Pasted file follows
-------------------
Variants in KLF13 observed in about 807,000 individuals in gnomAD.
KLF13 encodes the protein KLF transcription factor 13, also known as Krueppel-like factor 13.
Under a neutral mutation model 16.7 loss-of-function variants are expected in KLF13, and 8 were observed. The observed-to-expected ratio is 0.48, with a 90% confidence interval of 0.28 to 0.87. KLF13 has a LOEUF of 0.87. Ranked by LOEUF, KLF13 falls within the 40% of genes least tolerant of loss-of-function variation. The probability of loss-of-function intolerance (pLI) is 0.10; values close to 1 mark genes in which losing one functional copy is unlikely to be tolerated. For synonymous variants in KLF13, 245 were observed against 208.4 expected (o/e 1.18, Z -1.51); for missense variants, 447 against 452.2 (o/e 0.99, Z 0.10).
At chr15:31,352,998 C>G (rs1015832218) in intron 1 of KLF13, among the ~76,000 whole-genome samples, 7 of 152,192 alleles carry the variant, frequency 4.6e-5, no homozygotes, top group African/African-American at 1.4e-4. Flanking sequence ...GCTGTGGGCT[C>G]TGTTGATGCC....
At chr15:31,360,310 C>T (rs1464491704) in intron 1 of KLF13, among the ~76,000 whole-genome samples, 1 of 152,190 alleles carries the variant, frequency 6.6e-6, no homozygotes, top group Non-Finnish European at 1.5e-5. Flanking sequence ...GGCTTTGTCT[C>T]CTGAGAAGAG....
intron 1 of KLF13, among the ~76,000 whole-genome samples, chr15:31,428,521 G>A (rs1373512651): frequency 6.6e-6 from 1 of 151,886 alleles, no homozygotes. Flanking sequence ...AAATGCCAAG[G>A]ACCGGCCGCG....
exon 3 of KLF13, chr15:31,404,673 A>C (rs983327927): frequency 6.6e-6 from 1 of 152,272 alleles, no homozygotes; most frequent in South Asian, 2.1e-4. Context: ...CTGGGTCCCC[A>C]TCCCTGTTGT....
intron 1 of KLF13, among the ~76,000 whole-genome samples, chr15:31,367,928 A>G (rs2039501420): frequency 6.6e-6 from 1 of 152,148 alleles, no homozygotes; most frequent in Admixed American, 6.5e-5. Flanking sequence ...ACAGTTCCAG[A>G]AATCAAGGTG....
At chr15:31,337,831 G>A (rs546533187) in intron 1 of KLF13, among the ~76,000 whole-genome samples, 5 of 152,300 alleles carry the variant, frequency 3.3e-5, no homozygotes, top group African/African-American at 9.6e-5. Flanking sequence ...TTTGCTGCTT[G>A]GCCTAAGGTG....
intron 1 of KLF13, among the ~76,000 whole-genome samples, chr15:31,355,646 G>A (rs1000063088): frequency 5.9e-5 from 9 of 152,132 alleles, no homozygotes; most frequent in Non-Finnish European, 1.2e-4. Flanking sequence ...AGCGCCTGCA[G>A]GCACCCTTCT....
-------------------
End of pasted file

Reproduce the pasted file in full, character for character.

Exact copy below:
Variants in KLF13 observed in about 807,000 individuals in gnomAD.
KLF13 encodes the protein KLF transcription factor 13, also known as Krueppel-like factor 13.
Under a neutral mutation model 16.7 loss-of-function variants are expected in KLF13, and 8 were observed. The observed-to-expected ratio is 0.48, with a 90% confidence interval of 0.28 to 0.87. KLF13 has a LOEUF of 0.87. Ranked by LOEUF, KLF13 falls within the 40% of genes least tolerant of loss-of-function variation. The probability of loss-of-function intolerance (pLI) is 0.10; values close to 1 mark genes in which losing one functional copy is unlikely to be tolerated. For synonymous variants in KLF13, 245 were observed against 208.4 expected (o/e 1.18, Z -1.51); for missense variants, 447 against 452.2 (o/e 0.99, Z 0.10).
At chr15:31,352,998 C>G (rs1015832218) in intron 1 of KLF13, among the ~76,000 whole-genome samples, 7 of 152,192 alleles carry the variant, frequency 4.6e-5, no homozygotes, top group African/African-American at 1.4e-4. Flanking sequence ...GCTGTGGGCT[C>G]TGTTGATGCC....
At chr15:31,360,310 C>T (rs1464491704) in intron 1 of KLF13, among the ~76,000 whole-genome samples, 1 of 152,190 alleles carries the variant, frequency 6.6e-6, no homozygotes, top group Non-Finnish European at 1.5e-5. Flanking sequence ...GGCTTTGTCT[C>T]CTGAGAAGAG....
intron 1 of KLF13, among the ~76,000 whole-genome samples, chr15:31,428,521 G>A (rs1373512651): frequency 6.6e-6 from 1 of 151,886 alleles, no homozygotes. Flanking sequence ...AAATGCCAAG[G>A]ACCGGCCGCG....
exon 3 of KLF13, chr15:31,404,673 A>C (rs983327927): frequency 6.6e-6 from 1 of 152,272 alleles, no homozygotes; most frequent in South Asian, 2.1e-4. Context: ...CTGGGTCCCC[A>C]TCCCTGTTGT....
intron 1 of KLF13, among the ~76,000 whole-genome samples, chr15:31,367,928 A>G (rs2039501420): frequency 6.6e-6 from 1 of 152,148 alleles, no homozygotes; most frequent in Admixed American, 6.5e-5. Flanking sequence ...ACAGTTCCAG[A>G]AATCAAGGTG....
At chr15:31,337,831 G>A (rs546533187) in intron 1 of KLF13, among the ~76,000 whole-genome samples, 5 of 152,300 alleles carry the variant, frequency 3.3e-5, no homozygotes, top group African/African-American at 9.6e-5. Flanking sequence ...TTTGCTGCTT[G>A]GCCTAAGGTG....
intron 1 of KLF13, among the ~76,000 whole-genome samples, chr15:31,355,646 G>A (rs1000063088): frequency 5.9e-5 from 9 of 152,132 alleles, no homozygotes; most frequent in Non-Finnish European, 1.2e-4. Flanking sequence ...AGCGCCTGCA[G>A]GCACCCTTCT....